“Brennan argues that the hearing officer’s failure to sanction the VSP was contradictory to law, and he cites various Virginia cases involving sanctions for bad-faith conduct in a trial setting, and also cites Code § 8.01-379.2:1, which permits a trial court to impose sanctions against a party that spoils evidence.

“Brennan’s argument misses the mark. Virginia case and statutory law dealing with sanctions for bad-faith conduct in a trial setting are inapplicable to hearings governed under the State Grievance Procedure; thus, a hearing officer’s actions regarding sanctions, by definition, cannot be contradictory to these laws. …

“Since a hearing officer’s decision to impose sanctions is governed by [the Office of Employment Dispute Resolution (EDR)]’s own rules of procedure, and not Virginia law, the question whether a hearing officer should have imposed sanctions is one of agency procedure – not law – that is subject only to administrative review by EDR.”

Due Process

“Brennan asserts that the hearing officer erred by admitting into evidence the Form FR300P and revised Form SP-155 and by not finding that this evidence showed bad faith from the VSP and warranted mitigation of the disciplinary action.”

“Brennan [also] asserts that the VSP failed to follow its own internal policies regarding vehicle accident investigations and departed from its own procedures when disciplining him. …

“Brennan claims that these errors are contradictory to law because they violated his constitutional right to due process.

“We disagree. … Before his termination, Brennan received written notice of the charges alleged against him and was given an opportunity to respond to the charges.

“Then, after his termination, Brennan participated in a full evidentiary hearing where he was represented by counsel, was presented with the VSP’s evidence against him, and was able to present evidence in his defense, to call and cross-examine witnesses, and to contest all aspects of the VSP’s termination decision.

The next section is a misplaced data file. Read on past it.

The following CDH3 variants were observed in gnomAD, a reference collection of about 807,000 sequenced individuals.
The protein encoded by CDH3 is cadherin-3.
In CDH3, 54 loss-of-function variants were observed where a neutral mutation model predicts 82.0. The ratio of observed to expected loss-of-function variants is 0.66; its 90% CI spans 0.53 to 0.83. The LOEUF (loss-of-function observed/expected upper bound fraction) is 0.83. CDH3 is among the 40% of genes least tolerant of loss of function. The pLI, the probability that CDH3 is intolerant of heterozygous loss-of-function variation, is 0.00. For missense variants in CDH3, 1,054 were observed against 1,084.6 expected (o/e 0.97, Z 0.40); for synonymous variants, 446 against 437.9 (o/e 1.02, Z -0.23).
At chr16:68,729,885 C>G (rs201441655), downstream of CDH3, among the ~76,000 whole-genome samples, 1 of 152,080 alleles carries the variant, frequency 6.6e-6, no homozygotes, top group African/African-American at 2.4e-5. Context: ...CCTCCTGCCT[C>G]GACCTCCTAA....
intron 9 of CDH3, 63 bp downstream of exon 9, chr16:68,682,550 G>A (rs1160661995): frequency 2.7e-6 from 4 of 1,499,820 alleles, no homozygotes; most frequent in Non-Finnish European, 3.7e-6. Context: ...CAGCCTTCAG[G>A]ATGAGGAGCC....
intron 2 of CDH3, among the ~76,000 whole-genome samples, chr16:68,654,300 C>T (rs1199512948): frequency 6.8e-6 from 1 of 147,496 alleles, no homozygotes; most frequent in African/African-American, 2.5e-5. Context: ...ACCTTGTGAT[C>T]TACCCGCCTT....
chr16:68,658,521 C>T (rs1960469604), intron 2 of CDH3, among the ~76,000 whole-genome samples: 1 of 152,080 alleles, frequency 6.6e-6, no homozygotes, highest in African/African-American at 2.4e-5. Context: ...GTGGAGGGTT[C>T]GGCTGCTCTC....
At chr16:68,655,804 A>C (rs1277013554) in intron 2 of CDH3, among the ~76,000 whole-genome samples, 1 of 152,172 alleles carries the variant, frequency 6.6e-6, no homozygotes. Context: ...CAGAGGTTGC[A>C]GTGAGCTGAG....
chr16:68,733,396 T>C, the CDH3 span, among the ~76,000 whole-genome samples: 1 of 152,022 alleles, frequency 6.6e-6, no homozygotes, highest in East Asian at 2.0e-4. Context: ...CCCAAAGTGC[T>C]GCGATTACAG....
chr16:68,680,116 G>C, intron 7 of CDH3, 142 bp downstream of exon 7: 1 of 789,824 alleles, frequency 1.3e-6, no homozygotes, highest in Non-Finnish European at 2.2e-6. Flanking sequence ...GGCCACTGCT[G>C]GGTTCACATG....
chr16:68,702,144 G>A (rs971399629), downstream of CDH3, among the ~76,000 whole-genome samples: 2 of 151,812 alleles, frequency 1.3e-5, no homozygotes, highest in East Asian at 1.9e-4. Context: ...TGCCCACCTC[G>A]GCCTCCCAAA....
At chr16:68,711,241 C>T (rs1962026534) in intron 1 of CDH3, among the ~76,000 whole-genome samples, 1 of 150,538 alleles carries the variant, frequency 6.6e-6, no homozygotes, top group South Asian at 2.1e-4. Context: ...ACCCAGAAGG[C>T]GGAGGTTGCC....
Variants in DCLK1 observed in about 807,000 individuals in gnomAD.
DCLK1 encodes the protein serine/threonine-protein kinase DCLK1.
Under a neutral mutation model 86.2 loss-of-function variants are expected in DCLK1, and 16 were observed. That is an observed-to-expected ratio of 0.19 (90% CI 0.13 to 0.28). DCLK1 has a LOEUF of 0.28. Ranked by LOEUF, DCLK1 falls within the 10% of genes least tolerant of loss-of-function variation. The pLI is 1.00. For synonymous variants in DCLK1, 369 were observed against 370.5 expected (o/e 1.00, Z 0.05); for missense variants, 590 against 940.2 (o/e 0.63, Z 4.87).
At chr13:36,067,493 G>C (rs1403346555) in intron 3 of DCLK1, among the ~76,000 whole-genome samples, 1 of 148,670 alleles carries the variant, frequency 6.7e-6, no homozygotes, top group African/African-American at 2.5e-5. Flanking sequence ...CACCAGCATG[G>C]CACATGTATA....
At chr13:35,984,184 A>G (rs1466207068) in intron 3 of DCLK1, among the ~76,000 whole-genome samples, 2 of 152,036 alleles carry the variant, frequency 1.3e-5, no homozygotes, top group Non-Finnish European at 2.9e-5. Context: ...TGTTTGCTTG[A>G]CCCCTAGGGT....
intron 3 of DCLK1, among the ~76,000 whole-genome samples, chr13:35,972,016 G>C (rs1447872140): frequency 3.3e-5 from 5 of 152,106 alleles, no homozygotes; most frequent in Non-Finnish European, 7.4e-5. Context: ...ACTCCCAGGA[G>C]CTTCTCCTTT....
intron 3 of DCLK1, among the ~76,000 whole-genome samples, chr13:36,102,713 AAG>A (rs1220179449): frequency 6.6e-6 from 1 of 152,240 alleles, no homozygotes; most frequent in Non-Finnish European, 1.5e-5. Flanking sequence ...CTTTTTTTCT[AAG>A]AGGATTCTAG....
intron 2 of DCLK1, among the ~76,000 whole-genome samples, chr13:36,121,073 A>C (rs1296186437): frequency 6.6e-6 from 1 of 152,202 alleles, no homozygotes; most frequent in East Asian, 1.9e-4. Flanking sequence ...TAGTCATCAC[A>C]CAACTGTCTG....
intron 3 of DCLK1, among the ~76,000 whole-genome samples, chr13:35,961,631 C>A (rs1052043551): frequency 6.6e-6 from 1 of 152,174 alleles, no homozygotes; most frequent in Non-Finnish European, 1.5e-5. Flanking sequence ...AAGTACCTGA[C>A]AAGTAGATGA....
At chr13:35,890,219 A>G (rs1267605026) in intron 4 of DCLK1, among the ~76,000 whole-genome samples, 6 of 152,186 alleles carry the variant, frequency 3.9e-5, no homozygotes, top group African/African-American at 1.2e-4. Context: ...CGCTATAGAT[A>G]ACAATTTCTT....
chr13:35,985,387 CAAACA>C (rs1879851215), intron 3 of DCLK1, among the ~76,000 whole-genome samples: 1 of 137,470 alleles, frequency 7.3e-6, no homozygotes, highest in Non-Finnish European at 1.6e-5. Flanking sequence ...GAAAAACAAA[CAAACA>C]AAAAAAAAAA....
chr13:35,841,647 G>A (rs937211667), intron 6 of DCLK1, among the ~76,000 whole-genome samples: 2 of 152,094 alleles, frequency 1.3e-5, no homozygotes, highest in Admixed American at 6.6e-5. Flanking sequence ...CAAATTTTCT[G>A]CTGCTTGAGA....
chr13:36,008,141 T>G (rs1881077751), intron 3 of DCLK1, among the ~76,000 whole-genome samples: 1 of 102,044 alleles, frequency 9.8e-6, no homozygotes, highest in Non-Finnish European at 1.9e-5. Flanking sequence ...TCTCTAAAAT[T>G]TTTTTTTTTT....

“Thus, ‘[i]t is hard to imagine how this process violated [Brennan’s] due process rights.’”

Other constitutional arguments

“Brennan asserts that the State Grievance Procedure violates due process and is unconstitutional as applied to him because it does not permit a circuit court to reconsider the factual findings of a hearing officer in situations involving alleged bad-faith conduct by an employer. …

“Brennan contends that the circuit court’s inability to reconsider the factual findings of a hearing officer causes the State Grievance Procedure to be a systemic violation of due process and unconstitutional on its face.

“Brennan’s argument is unavailing. Brennan’s due process right to notice and a hearing was fully satisfied under the circumstances of this case. Moreover, ‘[t]he right to appellate review is a statutory right and is not a necessary element of due process.’ …

“As such, the ability for a grievant to appeal to a circuit court under the State Grievance Procedure is a purely statutory right that does not arise from the U.S. Constitution[.] …

“Since a grievant does not have a due process right to appeal to a circuit court from a hearing officer’s decision, it follows that the State Grievance Procedure’s limitation of circuit court appellate review to only legal errors cannot be a violation of due process.

“Thus, the State Grievance Procedure is not facially unconstitutional, nor is it unconstitutional as applied to Brennan.”


Brennan v. Virginia State Police, Record No. 0233-22-3, Feb. 7, 2023, 2022. CAV unpublished opinion (Callins). From the Circuit Court of Orange County (Franzén). Mark Bong for appellant. Melissa Y. York for appellee. VLW 023-7-075, 10 pp.

VLW 023-7-075

Verdicts & Settlements

See All Verdicts & Settlements

Opinion Digests

See All Digests